2017 was designated as a Year of the Bible by our Bishop; and the year included some wonderful events to help us celebrate this book of faith. 2018 has been designated as a year of prayer by Bishop Martin; a year to celebrate our faith worked out in worship and prayer.
The Year of Prayer begins, rather fittingly, on Advent Sunday; the Sunday that begins the church year and also opens up the story of God in our midst. The collect (prayer) for Advent Sunday is a beautiful prayer and best read in the Book of Common Prayer:
Almighty God, give us grace that we may cast away the works of darkness and put on the armour of light, now in this time of this mortal life, in which thy Son Jesus Christ came to visit us in great humility; that in the last day, when he shall come again in his glorious Majesty, to judge both the quick and the dead, we may rise to the life immortal; through him who liveth and reigneth with thee and the Holy Ghost, now and ever.Â Amen.
What a beautiful prayer; so full of life, light and hope! For centuries, church communities have used these words to ignite faith in the build up to Christmas, recognising that God has come to us in human form and will come again and we shall rise to the life immortal.
Prayer is a vital part of connecting to God’s divine presence; dear God, hear me, help me, support me and those whom I love. – Dear God, help me to help others, make me more compassionate, loving, generous Theresa of Avila wrote there is but one road which reaches God and that is prayer; if anyone shows you another, you are being deceived. The road which reaches before us, paved with our intercessions, illuminated by our words, is a direct link to God, what an amazing thought that is.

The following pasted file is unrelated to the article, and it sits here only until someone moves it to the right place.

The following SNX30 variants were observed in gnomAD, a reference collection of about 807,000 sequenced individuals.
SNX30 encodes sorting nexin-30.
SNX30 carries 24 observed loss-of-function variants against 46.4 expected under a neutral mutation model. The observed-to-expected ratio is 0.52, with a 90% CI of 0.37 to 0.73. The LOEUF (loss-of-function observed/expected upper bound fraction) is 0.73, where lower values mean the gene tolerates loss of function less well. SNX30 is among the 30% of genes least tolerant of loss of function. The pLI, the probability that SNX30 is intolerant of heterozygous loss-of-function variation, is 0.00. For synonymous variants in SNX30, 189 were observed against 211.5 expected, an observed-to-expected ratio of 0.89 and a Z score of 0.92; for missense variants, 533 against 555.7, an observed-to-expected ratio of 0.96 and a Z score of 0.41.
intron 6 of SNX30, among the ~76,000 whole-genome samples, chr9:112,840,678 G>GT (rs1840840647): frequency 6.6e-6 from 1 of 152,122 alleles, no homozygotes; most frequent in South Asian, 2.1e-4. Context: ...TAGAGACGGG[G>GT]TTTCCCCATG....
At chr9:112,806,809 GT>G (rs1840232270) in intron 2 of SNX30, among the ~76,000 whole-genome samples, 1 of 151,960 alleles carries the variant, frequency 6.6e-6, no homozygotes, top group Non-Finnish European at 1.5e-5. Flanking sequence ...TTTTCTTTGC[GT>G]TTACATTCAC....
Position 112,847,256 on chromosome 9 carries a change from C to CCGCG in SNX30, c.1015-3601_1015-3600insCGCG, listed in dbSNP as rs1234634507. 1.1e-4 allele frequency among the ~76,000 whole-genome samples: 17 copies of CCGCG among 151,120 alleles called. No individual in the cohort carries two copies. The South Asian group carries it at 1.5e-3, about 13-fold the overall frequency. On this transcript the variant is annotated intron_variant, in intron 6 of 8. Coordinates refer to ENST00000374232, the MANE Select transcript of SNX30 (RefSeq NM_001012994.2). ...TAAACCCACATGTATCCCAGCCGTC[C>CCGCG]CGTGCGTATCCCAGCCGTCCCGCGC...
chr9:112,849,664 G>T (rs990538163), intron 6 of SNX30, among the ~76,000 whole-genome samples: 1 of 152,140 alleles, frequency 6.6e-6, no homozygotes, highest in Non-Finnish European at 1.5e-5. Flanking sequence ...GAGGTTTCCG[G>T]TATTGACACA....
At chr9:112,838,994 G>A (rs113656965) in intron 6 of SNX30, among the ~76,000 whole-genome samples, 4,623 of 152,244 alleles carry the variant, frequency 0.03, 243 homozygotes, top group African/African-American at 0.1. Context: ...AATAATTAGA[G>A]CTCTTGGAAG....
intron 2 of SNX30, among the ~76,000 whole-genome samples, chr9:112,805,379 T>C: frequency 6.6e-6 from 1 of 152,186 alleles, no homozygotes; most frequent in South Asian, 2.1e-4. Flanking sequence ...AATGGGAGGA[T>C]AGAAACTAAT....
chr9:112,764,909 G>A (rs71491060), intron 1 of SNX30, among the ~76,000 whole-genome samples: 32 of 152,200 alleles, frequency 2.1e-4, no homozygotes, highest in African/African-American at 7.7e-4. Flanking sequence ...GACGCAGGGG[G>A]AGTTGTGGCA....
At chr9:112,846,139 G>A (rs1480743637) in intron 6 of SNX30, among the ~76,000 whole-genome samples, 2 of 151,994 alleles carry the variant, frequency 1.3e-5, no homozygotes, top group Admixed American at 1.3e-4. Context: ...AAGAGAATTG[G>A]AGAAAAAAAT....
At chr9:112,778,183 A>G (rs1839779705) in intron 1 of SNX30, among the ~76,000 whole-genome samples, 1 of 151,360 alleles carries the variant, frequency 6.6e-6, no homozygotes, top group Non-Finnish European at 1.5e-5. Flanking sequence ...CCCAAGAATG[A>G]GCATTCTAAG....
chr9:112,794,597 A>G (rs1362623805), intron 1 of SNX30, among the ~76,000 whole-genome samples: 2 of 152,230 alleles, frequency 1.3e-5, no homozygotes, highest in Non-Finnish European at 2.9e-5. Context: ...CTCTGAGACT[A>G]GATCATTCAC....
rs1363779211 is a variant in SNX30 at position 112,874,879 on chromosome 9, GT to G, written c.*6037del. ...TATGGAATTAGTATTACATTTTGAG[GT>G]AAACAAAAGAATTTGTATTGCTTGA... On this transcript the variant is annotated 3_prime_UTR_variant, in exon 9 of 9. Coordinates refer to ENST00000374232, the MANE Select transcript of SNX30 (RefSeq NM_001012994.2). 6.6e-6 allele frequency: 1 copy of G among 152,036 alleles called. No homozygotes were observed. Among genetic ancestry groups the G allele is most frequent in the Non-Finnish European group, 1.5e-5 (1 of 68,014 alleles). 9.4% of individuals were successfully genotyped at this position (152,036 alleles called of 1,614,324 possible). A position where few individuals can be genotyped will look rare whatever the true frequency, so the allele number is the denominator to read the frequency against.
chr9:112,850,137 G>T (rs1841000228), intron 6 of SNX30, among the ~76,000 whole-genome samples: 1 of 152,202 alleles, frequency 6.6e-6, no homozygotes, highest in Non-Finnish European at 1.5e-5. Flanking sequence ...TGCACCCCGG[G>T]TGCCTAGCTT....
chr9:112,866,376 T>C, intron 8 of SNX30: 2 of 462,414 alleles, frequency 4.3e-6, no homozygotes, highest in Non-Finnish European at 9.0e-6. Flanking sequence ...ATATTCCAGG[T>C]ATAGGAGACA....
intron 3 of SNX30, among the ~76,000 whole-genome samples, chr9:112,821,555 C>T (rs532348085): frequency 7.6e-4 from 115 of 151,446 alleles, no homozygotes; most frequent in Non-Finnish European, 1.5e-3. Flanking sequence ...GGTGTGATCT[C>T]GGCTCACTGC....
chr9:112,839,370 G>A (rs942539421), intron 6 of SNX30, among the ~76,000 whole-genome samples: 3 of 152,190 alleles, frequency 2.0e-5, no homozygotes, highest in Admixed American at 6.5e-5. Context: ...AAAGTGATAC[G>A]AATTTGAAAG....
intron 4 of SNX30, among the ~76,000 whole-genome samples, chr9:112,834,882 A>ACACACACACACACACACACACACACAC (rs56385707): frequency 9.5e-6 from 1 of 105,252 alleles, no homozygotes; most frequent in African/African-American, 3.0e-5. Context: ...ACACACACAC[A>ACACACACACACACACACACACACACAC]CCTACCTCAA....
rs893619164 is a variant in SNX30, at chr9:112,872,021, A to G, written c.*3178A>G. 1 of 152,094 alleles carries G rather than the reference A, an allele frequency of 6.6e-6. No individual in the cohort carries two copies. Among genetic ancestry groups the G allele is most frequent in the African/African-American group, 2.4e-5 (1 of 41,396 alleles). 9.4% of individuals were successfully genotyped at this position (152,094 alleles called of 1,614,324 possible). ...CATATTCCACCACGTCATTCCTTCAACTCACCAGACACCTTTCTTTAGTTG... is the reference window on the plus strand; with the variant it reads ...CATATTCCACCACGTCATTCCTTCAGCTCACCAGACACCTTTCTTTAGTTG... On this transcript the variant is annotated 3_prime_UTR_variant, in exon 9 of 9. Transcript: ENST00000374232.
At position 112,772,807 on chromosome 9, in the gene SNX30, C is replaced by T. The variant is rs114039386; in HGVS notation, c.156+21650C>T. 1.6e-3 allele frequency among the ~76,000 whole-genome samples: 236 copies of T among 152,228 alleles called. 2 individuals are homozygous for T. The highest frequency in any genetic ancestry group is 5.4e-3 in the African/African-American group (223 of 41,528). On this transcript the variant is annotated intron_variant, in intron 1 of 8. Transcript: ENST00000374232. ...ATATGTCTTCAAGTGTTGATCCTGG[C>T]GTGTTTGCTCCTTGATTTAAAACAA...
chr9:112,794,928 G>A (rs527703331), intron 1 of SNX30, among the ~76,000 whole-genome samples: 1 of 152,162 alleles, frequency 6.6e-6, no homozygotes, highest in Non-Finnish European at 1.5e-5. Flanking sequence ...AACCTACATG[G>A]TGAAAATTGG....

So in the year of prayer we challenge ourselves once again to reflect upon our prayer life. Over the year there will be opportunities to study, reflect and engage with this road to God, making sure we use it properly and that it enriches our lives. And use the Christian year to help: Advent prepares us to journey from Darkness to light: Christmas reveals that light to us: Epiphany opens our eyes to God’s purposes: Lent helps us to reflect: Easter brings hope in abundance: Pentecost assures us that God will not leave us without support: Trinity brings God into the presence of community: Christ the King, crowns our year.
So, is the road an easy one for you? Or would you like some help? We all struggle in our own way to pray the road to God, although always open and flowing, it does require us to use it and to understand it; but like all roads, it only works if journey up it, a journey that leads to God.
I pray that your Christmas be a time of peace, rest and family. And for those who will not experience this then let all our prayers be for them.